Revenue estimators on Thursday predicted a slightly improved budget outlook for Kansas and boosted predicted revenues by more than $220 million in the next two fiscal years.
The Consensus Revenue Estimating Group meets twice a year to adjust its predictions for Kansas’ tax and revenue collections. Estimators predicted tax revenues for this year would come in $102.4 million ahead of previous predictions and $670 million ahead of last year.
The budget revision was good news for legislators after estimators repeatedly decreased predictions between 2014 and 2016 as revenues dropped off and the state grappled with numerous budget shortfalls. The estimating group boosted revenue predictions this spring. Even with Thursday’s gain, legislators still have to allocate resources to several parts of the budget, including K-12 education.
“Positive growth is better than what we’ve had, but we still need to remain cautious about where we are to ensure that those continue,” said Budget Director Shawn Sullivan.
Sullivan said he thought the state’s economic growth was “mixed.”
The Supreme Court ruled last month the state’s school finance formula was unconstitutional and gave lawmakers until April to come up with a replacement and send briefs to the court. Earlier this week, the Legislative Coordinating Council created an interim committee to study the issue.
With the rosier forecasts, the state will end the next two fiscal years with $280 million and $355 million leftover. They deferred payment of the Kansas Public Employee Retirement System and will have to pay an extra $271 million in the 2020 fiscal year, Sullivan said.
That only leaves an ending balance of about $100 million in 2020 if it’s otherwise similar to those in 2018 and 2019.
“So there’s not that much wiggle room,” said Senate Majority Leader Jim Denning, an Overland Park Republican.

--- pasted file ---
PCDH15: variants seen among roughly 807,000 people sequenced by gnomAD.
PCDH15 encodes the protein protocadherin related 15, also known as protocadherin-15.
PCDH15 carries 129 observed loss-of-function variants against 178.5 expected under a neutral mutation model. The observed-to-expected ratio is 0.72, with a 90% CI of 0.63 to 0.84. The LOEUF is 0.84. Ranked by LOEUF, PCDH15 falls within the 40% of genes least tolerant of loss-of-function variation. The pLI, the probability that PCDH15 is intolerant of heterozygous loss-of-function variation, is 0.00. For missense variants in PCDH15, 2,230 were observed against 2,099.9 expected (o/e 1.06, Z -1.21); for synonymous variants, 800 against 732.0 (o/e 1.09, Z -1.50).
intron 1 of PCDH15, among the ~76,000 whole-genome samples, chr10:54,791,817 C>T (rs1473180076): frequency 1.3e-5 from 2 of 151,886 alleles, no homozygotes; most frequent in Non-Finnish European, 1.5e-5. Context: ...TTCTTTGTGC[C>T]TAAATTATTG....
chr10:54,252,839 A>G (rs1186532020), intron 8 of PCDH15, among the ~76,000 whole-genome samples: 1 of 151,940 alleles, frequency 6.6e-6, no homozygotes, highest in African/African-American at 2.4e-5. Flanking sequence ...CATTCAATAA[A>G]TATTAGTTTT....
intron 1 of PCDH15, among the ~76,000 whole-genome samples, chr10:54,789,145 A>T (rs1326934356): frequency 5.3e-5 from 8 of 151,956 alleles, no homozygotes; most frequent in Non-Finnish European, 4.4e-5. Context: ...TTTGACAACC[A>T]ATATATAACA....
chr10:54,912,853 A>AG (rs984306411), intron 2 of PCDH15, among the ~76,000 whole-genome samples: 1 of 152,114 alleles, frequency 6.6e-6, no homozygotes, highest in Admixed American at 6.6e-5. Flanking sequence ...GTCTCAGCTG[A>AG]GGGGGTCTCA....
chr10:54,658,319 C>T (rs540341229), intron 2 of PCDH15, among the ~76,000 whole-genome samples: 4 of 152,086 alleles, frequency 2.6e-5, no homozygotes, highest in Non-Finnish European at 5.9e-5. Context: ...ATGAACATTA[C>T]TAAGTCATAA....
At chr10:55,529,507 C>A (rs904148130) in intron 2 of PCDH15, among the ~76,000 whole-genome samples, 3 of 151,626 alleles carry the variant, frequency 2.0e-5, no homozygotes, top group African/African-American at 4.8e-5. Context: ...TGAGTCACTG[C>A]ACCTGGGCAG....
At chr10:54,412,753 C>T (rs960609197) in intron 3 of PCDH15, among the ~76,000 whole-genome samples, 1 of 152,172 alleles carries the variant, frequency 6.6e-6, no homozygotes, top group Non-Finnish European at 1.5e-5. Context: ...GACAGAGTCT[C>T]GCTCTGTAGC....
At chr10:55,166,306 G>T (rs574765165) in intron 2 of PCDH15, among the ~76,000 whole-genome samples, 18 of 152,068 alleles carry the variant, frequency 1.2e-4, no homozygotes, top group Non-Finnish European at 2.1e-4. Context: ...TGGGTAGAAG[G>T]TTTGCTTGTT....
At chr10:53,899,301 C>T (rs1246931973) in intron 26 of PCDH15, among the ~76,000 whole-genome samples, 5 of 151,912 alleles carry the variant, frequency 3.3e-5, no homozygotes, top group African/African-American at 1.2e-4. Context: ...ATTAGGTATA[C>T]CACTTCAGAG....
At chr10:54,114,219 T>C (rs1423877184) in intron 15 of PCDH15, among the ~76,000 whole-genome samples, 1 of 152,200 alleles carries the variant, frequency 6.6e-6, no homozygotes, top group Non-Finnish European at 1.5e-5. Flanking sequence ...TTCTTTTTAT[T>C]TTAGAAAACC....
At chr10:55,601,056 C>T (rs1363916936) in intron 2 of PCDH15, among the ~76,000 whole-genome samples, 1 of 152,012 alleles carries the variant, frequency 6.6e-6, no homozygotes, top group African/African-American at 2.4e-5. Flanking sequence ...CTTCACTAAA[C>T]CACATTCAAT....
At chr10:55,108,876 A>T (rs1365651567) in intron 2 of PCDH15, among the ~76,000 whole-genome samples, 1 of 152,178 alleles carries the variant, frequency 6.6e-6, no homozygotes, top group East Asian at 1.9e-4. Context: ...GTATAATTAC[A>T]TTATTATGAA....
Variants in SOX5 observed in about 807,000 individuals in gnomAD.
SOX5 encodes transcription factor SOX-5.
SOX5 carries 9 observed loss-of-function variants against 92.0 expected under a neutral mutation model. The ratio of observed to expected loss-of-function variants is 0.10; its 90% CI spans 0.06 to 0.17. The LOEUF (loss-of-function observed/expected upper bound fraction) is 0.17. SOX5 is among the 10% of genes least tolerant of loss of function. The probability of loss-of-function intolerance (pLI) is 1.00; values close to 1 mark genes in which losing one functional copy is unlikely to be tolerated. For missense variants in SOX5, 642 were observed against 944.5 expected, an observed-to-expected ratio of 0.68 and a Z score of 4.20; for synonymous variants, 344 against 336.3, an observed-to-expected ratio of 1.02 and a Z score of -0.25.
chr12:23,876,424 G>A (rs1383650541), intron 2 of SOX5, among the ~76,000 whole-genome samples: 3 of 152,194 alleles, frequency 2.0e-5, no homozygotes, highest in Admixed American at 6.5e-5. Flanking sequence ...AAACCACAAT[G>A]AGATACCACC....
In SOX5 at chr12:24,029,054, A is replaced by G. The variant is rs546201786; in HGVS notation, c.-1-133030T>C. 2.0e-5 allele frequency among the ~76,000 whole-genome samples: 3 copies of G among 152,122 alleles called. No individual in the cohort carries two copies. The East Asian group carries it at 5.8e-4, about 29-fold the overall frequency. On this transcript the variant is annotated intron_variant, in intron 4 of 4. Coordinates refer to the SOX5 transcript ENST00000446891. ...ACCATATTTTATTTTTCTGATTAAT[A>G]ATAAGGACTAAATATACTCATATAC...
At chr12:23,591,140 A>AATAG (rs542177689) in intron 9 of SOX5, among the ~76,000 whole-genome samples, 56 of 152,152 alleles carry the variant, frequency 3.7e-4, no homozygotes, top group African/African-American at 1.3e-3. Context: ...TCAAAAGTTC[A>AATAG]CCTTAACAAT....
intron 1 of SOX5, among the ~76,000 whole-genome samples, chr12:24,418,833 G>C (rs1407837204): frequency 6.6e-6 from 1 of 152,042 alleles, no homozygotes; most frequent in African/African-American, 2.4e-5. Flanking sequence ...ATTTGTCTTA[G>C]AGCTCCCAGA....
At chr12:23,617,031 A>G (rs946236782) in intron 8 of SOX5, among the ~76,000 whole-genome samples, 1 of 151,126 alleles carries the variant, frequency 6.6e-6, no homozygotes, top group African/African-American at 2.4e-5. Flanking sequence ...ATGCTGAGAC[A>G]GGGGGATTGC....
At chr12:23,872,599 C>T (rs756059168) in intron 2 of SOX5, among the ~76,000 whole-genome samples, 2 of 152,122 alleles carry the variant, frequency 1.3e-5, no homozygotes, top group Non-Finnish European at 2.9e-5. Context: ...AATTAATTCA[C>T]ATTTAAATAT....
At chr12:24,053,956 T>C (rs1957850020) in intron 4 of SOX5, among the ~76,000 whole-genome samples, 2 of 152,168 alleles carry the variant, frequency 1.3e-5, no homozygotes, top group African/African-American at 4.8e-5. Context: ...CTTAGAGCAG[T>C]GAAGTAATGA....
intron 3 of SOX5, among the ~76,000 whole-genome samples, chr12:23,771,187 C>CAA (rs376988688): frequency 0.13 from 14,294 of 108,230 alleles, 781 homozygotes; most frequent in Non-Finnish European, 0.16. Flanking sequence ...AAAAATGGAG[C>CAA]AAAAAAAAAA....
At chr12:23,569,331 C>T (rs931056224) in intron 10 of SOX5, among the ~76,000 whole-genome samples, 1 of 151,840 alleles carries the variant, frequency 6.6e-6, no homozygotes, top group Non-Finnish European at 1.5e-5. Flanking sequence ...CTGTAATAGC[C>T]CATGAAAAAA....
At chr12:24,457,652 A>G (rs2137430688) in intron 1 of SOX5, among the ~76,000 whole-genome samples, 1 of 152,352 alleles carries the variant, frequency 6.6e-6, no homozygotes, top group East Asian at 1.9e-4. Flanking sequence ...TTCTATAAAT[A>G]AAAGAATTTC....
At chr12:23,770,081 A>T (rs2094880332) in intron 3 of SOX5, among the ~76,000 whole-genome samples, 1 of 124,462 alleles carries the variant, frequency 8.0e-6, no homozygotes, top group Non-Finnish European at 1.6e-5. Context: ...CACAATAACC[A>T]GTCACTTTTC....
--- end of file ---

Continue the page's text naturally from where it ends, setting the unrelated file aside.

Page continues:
Denning stopped short of saying whether that was enough money to boost expenditures on schools. He said he didn’t want to speak for the Republican caucus.
“We have infinite demands and limited resources, and it’s the legislative process that decides what resources get applied to,” Denning said.
Republicans have also mentioned a possible effort to amend the Kansas Constitution and limit the Supreme Court’s authority over school finance issues.
Topeka Sen. Laura Kelly, a Democrat, said it was better to be in the black than the red, but she didn’t think people should get “too excited.”
“We have a lot of outstanding bills to pay,” Kelly said. “There’s obviously the school finance issue that will run us into millions of dollars. We had KPERS to repay, and we have highways to refund.”
Kelly said she didn’t think the boosted revenue predictions meant legislators had enough money to increase funding for schools to satisfy the court.
An attorney representing the school districts suing the state has repeatedly called for an extra $600 million each year.
Consensus revenue estimators didn’t change their predictions for individual income tax collections, though monthly receipts have come in ahead of expectations. Sullivan said those are difficult to predict because estimators don’t know when filers who were benefitting from a tax break for pass-through entities will start making payments.
The Legislature repealed that exemption — for organizations like LLCs — this spring when it passed a tax increase expected to bring in $1.2 billion over two years. Denning said that part of the tax plan was expected to bring in more than $250 million.
“We won’t know if that number is right or wrong until June of next year,” Denning said. “That’s why they’ve had such a difficult job because those corporations have been off the tax rolls for so long that they had to do a best guess.”